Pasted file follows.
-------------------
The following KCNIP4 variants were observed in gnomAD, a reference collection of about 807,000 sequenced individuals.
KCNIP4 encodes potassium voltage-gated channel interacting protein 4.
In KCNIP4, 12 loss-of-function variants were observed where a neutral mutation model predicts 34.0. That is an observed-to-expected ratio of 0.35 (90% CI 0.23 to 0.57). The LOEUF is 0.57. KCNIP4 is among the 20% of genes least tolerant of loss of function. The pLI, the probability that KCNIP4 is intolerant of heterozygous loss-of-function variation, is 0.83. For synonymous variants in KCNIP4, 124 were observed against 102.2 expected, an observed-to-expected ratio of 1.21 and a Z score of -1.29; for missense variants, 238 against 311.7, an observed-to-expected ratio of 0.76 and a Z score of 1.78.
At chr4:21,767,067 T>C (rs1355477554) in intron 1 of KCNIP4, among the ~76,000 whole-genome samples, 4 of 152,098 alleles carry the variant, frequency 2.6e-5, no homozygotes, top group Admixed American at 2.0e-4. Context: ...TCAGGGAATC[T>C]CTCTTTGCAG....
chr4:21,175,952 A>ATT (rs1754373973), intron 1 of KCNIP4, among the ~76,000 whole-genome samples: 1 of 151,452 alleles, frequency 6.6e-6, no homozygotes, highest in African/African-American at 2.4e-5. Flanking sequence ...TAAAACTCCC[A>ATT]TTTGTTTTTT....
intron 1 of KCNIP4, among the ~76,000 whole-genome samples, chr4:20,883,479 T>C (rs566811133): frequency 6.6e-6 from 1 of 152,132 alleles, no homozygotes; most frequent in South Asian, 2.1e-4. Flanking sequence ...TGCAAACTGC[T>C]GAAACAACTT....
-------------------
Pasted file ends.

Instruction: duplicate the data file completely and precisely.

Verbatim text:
The following KCNIP4 variants were observed in gnomAD, a reference collection of about 807,000 sequenced individuals.
KCNIP4 encodes potassium voltage-gated channel interacting protein 4.
In KCNIP4, 12 loss-of-function variants were observed where a neutral mutation model predicts 34.0. That is an observed-to-expected ratio of 0.35 (90% CI 0.23 to 0.57). The LOEUF is 0.57. KCNIP4 is among the 20% of genes least tolerant of loss of function. The pLI, the probability that KCNIP4 is intolerant of heterozygous loss-of-function variation, is 0.83. For synonymous variants in KCNIP4, 124 were observed against 102.2 expected, an observed-to-expected ratio of 1.21 and a Z score of -1.29; for missense variants, 238 against 311.7, an observed-to-expected ratio of 0.76 and a Z score of 1.78.
At chr4:21,767,067 T>C (rs1355477554) in intron 1 of KCNIP4, among the ~76,000 whole-genome samples, 4 of 152,098 alleles carry the variant, frequency 2.6e-5, no homozygotes, top group Admixed American at 2.0e-4. Context: ...TCAGGGAATC[T>C]CTCTTTGCAG....
chr4:21,175,952 A>ATT (rs1754373973), intron 1 of KCNIP4, among the ~76,000 whole-genome samples: 1 of 151,452 alleles, frequency 6.6e-6, no homozygotes, highest in African/African-American at 2.4e-5. Flanking sequence ...TAAAACTCCC[A>ATT]TTTGTTTTTT....
intron 1 of KCNIP4, among the ~76,000 whole-genome samples, chr4:20,883,479 T>C (rs566811133): frequency 6.6e-6 from 1 of 152,132 alleles, no homozygotes; most frequent in South Asian, 2.1e-4. Flanking sequence ...TGCAAACTGC[T>C]GAAACAACTT....